The aim of this studentship is to gain a deeper understanding of barriers to people registering as a posthumous organ donor. When asked 90% of the UK population say they support organ donation, in practice, only 38% have registered as an organ donor. Our group has demonstrated that emotions and affective attitudes may be acting as significant barriers to registration e.g. discomfort thinking about mortality, disgust, etc. The aim of the PhD would be to (a) further our understanding of barriers and (b) pilot interventions that may increase donor registration, e.g. reciprocity primes.
Most work on increasing the organ donor pool has focused on facts or evidence via education campaigns etc. Our group has demonstrated that feelings may be more important barriers than facts. Specifically, affective attitudes may be acting as significant barriers to registration e.g. discomfort with thinking about mortality, disgust, etc.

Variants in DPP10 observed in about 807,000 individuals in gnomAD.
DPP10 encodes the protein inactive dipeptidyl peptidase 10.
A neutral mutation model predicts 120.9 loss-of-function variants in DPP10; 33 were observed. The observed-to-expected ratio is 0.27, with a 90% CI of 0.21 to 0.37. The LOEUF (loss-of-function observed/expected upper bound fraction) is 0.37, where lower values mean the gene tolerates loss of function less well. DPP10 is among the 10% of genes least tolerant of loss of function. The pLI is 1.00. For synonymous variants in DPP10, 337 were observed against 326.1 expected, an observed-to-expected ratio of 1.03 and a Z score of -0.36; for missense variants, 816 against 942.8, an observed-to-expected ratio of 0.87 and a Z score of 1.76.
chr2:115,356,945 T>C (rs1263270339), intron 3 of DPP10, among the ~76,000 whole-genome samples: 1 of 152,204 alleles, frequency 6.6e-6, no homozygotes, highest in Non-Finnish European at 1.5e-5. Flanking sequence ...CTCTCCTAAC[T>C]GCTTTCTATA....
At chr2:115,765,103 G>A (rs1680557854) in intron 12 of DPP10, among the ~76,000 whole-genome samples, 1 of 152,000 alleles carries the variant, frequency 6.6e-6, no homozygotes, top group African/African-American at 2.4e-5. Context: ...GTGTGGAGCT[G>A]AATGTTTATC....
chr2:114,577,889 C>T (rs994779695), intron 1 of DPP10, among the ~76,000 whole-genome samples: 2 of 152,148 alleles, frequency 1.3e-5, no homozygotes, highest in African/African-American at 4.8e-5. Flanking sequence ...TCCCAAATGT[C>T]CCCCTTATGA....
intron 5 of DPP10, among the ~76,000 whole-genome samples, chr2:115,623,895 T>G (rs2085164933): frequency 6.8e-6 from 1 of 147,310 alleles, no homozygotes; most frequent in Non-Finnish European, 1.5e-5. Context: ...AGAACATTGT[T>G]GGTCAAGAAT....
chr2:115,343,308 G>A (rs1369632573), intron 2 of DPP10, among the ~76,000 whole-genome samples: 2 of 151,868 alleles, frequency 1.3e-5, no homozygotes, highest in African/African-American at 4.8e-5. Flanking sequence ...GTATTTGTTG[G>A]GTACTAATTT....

Possible outside funders
NHS, NHSBT, Chief Scientist office
In the UK, 3 people per day die while waiting for an organ transplant. The ultimate aim of this research would be to develop theoretically informed interventions that would lead to an increase in organ donor registrations. This would be a rare example of a theoretically based psychological intervention leading to lives being saved.
O'Carroll, R. E., Dryden, J., Hamilton-Barclay, T., & Ferguson, E. (2011a). Anticipated regret and organ donor registration—A pilot study. Health Psychology, 30(5), 661–664.
O'Carroll, R. E., Foster, C., McGeechan, G., Sandford, K., & Ferguson, E. (2011b). The “ick” factor, anticipated regret, and willingness to become an organ donor. Health Psychology, 30(2), 236–245.
O'Carroll, R. E., Ferguson, E., Hayes, P. C., & Shepherd, L. (2012). Increasing organ donation via anticipated regret (INORDAR): protocol for a randomised controlled trial. BMC Public Health, 12(1), 169.